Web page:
Journey Through Matthew: Weeding the Garden
Alright, good morning and welcome back!
This morning, I would like for you to start turning in your Bibles back to .
We are going to be covering quite a bit of ground this morning passage wise and we are going to be doing so in the way of Jesus’ parables.
This morning we are going to be covering verses 24-43 of chapter 13 and in it you will find two of Jesus’ parables.
First we have what is known as the Parable of the Weeds and then we have the Parable of the Mustard Seed and Yeast.
And what happens in this passage is that Jesus delivers these two parables and then explains the first one to the disciples.
And we are going to try our best to do the exact same thing this morning.
You may also notice that in this section of Scripture there are several different parables that Jesus begins to deliver to the people.
Which also helps last week’s message make more sense, since we covered the reason why Jesus was teaching in parables.
And this morning we are really just going to carry the conversation forward a bit and look at two of these.
And you may also be wondering what these two parables have to do with one another.
Because most of the time when we think of the parables we think of one teaching where Jesus is providing a lesson and the next parable as a completely different subject.
And on the surface you may even think that these two this morning are not related at all, but the reality is they are very related to one another.
And we also have to keep in mind what is going on in the background as well too.
Remember Jesus is now engaged in this ongoing confrontation with these Jews and it has reached its boiling point with their now active plots on how they were going to kill Jesus.
And instead of backing down and going away, Jesus continues to push forward.
But this morning’s passage isn’t directed so much at the Jews, but rather any of us who want to make heaven our eternal home.
Because in the passage, Jesus is going to actually be talking about heaven and some of the hang ups that we as humans have that hinder our ability to make it to heaven.
So, if you have found in your Bibles, I’d invite you to stand with me if you are able.
This is quite a long passage so I am not going to read it all.
But I will read the last few verses starting in verse 36, Matthew writes . . .
36 Then he left the crowd and went into the house. His disciples came to him and said, “Explain to us the parable of the weeds in the field.” 37 He answered, “The one who sowed the good seed is the Son of Man. 38 The field is the world, and the good seed stands for the sons of the kingdom. The weeds are the sons of the evil one, 39 and the enemy who sows them is the devil. The harvest is the end of the age, and the harvesters are angels. 40 “As the weeds are pulled up and burned in the fire, so it will be at the end of the age. 41 The Son of Man will send out his angels, and they will weed out of his kingdom everything that causes sin and all who do evil. 42 They will throw them into the fiery furnace, where there will be weeping and gnashing of teeth. 43 Then the righteous will shine like the sun in the kingdom of their Father. He who has ears, let him hear.
Parable of the Weeds (vs 24-30)
Parable of the Weeds (vs 24-30)
Now, what we read was actually the explanation of the first parable, so let’s back up and see exactly what Jesus is explaining here because it is very interesting.
First starting back in verse 24, Matthew writes . . .
24 Jesus told them another parable: “The kingdom of heaven is like a man who sowed good seed in his field.
So, here we are right back to where we were at yesterday with Jesus teaching the people on the backdrop of farming, of sowing seed if you will.
And if you remember Jesus is teaching this way because he is trying to use illustrations from everyday life that the people understood.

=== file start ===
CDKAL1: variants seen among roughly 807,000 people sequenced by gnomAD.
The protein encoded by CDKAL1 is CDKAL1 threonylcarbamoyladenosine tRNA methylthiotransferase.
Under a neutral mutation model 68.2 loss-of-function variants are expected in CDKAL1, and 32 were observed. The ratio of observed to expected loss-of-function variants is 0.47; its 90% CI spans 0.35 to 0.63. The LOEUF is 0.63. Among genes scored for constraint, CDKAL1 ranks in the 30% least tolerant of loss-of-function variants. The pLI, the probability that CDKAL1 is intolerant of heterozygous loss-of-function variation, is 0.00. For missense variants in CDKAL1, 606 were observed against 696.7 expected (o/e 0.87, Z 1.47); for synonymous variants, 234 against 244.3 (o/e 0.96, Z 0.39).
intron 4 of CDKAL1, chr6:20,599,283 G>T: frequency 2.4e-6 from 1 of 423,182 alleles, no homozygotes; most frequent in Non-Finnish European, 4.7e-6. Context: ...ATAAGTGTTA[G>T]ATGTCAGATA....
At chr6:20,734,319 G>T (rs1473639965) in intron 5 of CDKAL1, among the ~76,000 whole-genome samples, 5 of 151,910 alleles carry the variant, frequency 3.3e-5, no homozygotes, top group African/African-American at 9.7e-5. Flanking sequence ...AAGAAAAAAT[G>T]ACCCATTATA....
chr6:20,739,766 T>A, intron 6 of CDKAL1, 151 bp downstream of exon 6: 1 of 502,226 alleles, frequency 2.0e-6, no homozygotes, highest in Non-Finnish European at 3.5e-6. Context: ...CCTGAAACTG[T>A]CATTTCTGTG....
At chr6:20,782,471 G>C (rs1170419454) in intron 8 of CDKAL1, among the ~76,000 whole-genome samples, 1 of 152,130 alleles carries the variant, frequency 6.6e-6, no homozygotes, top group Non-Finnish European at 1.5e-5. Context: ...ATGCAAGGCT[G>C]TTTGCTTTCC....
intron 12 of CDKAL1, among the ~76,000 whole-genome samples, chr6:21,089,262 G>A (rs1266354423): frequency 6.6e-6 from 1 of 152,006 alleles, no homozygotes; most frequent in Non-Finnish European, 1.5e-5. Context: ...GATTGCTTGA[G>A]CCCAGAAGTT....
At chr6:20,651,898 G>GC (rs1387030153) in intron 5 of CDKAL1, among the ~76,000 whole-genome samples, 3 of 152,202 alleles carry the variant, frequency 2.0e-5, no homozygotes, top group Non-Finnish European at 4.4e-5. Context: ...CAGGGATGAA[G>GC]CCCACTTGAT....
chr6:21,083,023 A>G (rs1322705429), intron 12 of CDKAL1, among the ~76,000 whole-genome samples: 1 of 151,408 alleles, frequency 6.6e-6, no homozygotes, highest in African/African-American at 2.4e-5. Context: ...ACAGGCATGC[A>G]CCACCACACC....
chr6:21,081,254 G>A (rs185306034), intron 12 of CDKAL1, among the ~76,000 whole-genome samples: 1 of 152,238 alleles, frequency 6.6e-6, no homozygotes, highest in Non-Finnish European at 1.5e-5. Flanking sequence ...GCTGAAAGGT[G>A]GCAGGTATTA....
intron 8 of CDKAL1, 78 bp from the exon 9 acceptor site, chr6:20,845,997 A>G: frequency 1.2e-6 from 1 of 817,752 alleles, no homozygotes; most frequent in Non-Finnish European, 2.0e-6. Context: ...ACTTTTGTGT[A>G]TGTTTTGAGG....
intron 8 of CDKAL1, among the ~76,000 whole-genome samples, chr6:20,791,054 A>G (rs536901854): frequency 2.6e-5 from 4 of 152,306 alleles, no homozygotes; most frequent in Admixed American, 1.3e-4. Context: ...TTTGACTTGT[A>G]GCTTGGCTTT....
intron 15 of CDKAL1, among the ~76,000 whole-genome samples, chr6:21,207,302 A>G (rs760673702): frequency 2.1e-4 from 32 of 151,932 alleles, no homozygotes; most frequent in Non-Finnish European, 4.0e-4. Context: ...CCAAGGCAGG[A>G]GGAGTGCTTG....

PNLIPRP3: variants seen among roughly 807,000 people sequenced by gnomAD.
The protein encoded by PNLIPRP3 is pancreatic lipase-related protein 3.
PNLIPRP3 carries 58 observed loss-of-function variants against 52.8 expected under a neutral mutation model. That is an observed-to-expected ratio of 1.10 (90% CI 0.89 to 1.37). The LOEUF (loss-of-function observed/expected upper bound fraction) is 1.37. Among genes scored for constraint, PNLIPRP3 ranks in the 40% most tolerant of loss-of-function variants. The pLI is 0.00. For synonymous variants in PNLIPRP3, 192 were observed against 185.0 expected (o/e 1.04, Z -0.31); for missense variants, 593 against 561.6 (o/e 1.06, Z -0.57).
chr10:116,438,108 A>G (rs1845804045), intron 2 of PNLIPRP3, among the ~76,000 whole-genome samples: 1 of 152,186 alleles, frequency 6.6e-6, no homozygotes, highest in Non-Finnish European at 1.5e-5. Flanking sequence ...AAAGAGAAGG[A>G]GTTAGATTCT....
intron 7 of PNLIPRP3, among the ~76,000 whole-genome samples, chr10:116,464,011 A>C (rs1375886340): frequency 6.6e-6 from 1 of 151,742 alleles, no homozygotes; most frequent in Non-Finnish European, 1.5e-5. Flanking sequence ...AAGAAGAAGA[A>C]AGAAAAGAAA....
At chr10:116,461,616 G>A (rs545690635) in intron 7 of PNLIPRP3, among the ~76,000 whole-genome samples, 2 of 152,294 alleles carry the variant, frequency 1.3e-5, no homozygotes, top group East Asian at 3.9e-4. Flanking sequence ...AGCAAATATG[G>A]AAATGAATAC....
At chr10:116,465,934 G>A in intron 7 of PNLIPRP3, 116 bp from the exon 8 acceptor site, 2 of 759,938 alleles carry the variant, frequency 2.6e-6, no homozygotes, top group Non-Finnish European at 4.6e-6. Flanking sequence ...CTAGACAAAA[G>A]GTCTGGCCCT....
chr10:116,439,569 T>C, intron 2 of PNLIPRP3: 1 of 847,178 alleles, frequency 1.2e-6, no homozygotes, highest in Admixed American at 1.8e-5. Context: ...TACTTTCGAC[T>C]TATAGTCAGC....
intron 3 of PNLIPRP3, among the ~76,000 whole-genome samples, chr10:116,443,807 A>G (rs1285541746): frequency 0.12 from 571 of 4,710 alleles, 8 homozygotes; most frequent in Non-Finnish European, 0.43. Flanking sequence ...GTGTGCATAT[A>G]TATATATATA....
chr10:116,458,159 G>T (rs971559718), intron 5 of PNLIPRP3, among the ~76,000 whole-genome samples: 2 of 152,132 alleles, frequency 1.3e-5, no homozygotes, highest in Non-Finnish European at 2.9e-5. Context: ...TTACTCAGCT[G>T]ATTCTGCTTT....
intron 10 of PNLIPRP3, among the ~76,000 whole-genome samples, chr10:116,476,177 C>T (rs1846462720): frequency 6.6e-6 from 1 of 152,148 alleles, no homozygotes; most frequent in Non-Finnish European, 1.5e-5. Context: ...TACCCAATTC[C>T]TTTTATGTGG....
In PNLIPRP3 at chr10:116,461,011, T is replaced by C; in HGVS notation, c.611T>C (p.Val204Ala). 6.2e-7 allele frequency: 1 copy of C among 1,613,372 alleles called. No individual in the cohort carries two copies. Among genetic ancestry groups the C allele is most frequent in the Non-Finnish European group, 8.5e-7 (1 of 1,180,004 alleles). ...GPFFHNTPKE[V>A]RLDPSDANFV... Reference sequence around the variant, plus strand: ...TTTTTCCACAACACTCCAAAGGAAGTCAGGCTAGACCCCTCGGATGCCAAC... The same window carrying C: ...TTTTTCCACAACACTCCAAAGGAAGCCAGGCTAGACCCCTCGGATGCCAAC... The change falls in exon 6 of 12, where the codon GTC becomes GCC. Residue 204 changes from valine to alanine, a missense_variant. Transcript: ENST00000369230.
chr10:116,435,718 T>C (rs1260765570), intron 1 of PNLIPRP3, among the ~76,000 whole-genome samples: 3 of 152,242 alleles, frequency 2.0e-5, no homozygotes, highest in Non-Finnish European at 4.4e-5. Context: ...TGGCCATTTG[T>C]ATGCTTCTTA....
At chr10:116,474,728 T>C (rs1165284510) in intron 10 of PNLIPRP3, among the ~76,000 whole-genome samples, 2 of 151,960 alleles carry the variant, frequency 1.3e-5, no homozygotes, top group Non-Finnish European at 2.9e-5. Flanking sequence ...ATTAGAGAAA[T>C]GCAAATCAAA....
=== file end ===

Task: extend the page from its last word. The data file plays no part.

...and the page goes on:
And for this illustration, Jesus is now going to compare the kingdom of heaven to a farmer sowing what Jesus calls good seed into his field.
And we will get to it a little bit later but one of the key aspects of this parable is this aspect of the man sowing good seed as opposed to bad seed.
So, Jesus is addressing these people and by now they can picture this man doing something that they do everyday.
They may even be imagining themselves in this man’s shoes actually doing this work.
But at any rate this man has been out in the field working all day long in the hot sun sowing this field, maybe even dreaming of the good crop to come.
And the end of the day comes . . .
25 But while everyone was sleeping, his enemy came and sowed weeds among the wheat, and went away.
Now, the enemy must have really hated this guy if we was willing to come at night when everyone was sleeping and pretty much ruin his field.
Because think about it, how hard is it to grow a good crop when the field is full of weeds?
But he does this in secrecy, under the cover of darkness when no one is around.
When the field is all alone and unguarded.
When no one can see, hear, or resist what the enemy is doing.
This is when he sneaks in and does all of this.
The farmer has no idea what is going on during the night, so the next day and following days, he does like any farmer would do with a crop.
He fertilizes it, makes sure it has water and all the nutrients it needs to grow and be successful.
But unknown to him, he is also fertilizing and providing water and nutrients to the weeds as well.
And . . .
26 When the wheat sprouted and formed ears, then the weeds also appeared.
Well, of course they did, which created another problem.
And his servants are confused because they know they did their job preparing this field the right way.
27 “The owner’s servants came to him and said, ‘Sir, didn’t you sow good seed in your field? Where then did the weeds come from?’
And the owner knows immediately what has happened . . .
28 “ ‘An enemy did this,’ he replied. “The servants asked him, ‘Do you want us to go and pull them up?’
Which is a valid question.
If you have weeds in your garden, typically you will go out there and pull the weeds so they do not choke out your tomatoes.
But this situation is different.
The way the enemy has sewn the weeds among the wheat when it was still seed created a big problem for the farmer and he explains to his servants . . .
29 “ ‘No,’ he answered, ‘because while you are pulling the weeds, you may root up the wheat with them.